4. Automate invoices
Sending invoices in the mail takes too long, runs the risk of invoices getting lost, and adds to the expense of billing clients. Automating the process through smart invoices and accounting software like QuickBooks gets the invoice in the client’s hands more quickly, saves paper and mail expenses, and keeps your bill at the top of their mind.
5. Use cloud-based invoicing software
Cloud-based management solutions such as QuickBooks allow you to create, edit and send invoices from anywhere. This is ideal for those times where a client may need you to revise an invoice or send them another copy of it to get paid. Even if you are away from work and get this kind of request, the cloud-based solution provides a way to respond so there is no delay in payment.
Bill wisely and professionally
Consistency and courtesey can go a long way in helping you get paid on time. Here are a few ways to ensure the payment process goes smoothly and avoid late invoices.
6. Offer a retainer
If the client is providing long-term work, a retainer will allow the client to know exactly how much should be paid and when. This helps them manage their budget more effectively, and it may get you paid quicker.
7. Invoice clients as quickly as possible
Invoice your client as soon as possible once the project is finished. Sending your client the invoice as soon as possible links the completed work and payment together, and ensures you’re taking all the necessary steps to reduce your waiting time. Make sure the invoice clearly outlines what the client is being billed for, and include your contact information and the transaction payment terms. You can use an invoice template or invoice generator to help you create a professional invoice that includes all of these key details.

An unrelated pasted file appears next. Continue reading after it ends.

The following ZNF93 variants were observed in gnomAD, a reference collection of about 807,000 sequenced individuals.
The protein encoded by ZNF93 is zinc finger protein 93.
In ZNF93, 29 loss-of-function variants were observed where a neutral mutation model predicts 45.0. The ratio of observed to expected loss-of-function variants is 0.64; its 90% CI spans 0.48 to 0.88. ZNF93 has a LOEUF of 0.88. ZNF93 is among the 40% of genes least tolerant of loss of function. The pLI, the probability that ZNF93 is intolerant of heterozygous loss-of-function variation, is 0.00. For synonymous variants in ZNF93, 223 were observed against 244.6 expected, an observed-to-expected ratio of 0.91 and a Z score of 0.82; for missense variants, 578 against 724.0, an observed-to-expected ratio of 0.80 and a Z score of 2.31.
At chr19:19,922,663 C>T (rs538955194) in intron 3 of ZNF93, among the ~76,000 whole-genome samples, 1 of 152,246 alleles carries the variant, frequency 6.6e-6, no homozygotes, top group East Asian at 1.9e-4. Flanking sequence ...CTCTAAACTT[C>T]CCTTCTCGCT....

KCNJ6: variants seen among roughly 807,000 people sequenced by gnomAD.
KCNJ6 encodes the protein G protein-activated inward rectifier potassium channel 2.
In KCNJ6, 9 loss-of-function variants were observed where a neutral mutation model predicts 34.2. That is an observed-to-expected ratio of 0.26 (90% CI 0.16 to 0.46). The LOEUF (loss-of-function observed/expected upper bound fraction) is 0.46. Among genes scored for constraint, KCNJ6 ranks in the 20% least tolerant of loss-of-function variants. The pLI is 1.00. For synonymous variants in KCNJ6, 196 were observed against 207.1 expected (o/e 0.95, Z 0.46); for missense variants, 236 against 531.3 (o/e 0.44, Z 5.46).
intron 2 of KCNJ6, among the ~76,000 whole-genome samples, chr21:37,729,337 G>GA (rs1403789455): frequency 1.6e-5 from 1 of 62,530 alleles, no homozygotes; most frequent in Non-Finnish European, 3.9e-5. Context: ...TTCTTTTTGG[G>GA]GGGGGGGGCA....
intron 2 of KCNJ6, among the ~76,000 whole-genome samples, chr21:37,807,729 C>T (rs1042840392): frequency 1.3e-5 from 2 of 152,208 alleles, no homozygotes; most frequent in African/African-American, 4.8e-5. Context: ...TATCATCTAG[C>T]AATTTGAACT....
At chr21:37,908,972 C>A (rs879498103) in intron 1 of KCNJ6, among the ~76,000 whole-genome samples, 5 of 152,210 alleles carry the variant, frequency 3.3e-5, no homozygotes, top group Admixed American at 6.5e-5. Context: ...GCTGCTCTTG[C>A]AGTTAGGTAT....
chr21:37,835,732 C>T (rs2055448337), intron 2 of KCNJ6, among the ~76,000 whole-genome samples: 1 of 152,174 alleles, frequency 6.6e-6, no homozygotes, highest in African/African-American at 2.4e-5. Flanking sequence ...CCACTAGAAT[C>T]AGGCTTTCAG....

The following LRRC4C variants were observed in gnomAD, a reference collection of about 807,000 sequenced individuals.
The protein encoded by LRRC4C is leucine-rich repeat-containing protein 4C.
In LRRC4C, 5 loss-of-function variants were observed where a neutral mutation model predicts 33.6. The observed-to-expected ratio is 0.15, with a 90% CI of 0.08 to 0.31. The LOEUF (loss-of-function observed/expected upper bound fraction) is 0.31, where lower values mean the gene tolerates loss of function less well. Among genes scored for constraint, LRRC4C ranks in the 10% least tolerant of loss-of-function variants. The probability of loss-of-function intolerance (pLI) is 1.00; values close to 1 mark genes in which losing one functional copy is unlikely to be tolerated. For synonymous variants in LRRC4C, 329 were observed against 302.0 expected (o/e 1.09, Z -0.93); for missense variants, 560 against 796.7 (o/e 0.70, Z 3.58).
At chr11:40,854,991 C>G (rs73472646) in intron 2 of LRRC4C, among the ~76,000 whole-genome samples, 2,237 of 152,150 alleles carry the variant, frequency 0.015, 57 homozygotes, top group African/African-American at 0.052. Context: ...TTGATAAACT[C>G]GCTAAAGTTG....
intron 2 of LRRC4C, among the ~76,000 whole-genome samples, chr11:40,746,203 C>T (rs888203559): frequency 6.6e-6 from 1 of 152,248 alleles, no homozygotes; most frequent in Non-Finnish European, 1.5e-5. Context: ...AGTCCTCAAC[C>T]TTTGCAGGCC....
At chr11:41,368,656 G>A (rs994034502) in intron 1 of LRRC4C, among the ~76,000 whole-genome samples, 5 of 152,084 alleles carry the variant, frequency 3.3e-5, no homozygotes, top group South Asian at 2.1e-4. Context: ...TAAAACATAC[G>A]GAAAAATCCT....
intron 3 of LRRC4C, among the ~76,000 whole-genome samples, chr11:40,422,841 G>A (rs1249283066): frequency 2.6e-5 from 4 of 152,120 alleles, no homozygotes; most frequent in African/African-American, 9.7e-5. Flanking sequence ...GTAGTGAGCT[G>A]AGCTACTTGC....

8. Stick to a regular payment schedule
If the client expects an invoice from you on the 1st and 15th of each month, then you need to deliver your bill on those dates. Standardizing the invoicing process can help reduce any confusion about when payments are due. Having a regular schedule could be the difference between getting paid and not getting paid.
9. Be polite with your invoice language